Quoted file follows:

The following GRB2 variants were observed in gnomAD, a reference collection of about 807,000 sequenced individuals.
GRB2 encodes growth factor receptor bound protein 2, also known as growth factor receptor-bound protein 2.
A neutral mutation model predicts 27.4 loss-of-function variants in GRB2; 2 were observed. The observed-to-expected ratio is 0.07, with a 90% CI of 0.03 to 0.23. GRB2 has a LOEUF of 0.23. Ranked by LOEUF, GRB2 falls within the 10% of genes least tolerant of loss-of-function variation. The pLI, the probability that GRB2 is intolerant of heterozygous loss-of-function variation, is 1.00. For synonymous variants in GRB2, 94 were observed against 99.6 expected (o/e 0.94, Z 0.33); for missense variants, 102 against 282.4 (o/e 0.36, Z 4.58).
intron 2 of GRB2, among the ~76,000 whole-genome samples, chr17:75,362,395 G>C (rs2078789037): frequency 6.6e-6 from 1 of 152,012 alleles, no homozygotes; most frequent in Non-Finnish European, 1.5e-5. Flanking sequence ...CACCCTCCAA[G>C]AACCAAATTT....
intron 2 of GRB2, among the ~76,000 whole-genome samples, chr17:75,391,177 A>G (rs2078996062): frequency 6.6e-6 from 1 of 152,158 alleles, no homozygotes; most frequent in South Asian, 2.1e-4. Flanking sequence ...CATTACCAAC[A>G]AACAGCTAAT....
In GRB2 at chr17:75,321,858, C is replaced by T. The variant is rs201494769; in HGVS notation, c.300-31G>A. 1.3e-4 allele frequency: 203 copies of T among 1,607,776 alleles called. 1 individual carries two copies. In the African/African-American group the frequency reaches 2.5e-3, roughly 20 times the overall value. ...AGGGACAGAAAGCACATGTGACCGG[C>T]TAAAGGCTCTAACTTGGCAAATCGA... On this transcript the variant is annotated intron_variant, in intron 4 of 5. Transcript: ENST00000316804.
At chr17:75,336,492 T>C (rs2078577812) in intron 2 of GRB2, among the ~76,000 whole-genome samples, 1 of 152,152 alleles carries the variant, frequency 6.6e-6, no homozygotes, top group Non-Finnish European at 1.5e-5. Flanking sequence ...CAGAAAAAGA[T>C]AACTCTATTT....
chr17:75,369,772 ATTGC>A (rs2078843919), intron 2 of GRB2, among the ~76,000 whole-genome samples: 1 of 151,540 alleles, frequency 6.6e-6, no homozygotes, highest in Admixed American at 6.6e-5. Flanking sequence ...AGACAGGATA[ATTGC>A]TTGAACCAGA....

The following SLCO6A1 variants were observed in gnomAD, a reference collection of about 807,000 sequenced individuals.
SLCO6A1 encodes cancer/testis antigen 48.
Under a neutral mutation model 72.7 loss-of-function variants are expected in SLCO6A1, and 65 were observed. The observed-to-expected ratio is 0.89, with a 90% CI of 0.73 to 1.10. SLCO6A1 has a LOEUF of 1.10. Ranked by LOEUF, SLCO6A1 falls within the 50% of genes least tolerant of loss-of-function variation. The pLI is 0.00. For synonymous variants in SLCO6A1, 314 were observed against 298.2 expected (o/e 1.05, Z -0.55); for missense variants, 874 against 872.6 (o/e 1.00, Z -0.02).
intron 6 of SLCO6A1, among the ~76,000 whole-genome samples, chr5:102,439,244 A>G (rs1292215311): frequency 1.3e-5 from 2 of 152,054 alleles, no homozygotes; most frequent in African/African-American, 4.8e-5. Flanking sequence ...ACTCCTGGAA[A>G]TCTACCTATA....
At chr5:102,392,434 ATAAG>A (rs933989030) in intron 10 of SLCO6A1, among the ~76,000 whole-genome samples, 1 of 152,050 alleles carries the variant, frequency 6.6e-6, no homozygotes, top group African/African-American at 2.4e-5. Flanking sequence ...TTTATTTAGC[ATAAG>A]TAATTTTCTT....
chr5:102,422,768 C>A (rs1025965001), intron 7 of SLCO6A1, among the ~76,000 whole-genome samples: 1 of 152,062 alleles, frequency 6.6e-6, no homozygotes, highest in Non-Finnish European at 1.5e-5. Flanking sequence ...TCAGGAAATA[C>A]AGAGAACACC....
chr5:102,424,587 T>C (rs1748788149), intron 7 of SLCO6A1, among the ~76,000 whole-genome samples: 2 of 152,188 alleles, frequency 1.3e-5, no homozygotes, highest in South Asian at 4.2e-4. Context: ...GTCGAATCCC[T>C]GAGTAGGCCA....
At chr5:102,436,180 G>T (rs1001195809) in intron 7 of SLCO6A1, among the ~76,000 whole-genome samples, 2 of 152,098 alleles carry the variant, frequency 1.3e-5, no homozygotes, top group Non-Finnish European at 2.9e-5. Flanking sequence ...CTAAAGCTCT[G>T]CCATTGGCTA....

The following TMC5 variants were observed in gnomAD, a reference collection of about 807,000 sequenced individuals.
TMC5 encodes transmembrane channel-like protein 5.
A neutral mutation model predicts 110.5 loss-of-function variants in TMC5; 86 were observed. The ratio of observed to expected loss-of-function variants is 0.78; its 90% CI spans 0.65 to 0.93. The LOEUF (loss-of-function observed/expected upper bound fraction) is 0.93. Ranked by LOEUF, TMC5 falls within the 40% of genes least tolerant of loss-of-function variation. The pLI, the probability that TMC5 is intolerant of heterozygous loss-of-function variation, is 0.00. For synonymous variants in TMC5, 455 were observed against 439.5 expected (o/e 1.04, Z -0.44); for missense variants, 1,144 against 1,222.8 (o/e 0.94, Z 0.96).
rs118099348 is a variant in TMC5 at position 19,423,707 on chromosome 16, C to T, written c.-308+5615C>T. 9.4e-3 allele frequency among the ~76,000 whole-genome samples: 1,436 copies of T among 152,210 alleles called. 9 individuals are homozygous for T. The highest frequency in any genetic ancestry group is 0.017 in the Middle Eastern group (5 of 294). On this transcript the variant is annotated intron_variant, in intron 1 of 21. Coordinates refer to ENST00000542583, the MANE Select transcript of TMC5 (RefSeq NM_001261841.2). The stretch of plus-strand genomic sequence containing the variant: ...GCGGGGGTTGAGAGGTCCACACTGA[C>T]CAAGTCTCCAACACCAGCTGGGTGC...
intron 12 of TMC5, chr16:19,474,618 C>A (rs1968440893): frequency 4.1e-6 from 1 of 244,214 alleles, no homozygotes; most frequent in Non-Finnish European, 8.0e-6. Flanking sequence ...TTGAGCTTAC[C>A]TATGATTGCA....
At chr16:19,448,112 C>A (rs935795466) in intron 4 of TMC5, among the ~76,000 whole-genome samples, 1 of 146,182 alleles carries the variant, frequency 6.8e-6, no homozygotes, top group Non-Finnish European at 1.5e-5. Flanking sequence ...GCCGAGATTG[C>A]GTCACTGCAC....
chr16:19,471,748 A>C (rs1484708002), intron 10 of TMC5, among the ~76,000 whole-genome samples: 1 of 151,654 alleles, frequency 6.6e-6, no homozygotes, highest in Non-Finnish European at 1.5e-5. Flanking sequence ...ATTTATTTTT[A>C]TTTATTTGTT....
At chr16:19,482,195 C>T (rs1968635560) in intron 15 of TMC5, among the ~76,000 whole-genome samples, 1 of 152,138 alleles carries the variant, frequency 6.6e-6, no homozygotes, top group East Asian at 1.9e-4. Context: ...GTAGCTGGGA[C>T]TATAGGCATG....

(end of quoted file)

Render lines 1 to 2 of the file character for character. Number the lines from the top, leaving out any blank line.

The following GRB2 variants were observed in gnomAD, a reference collection of about 807,000 sequenced individuals.
GRB2 encodes growth factor receptor bound protein 2, also known as growth factor receptor-bound protein 2.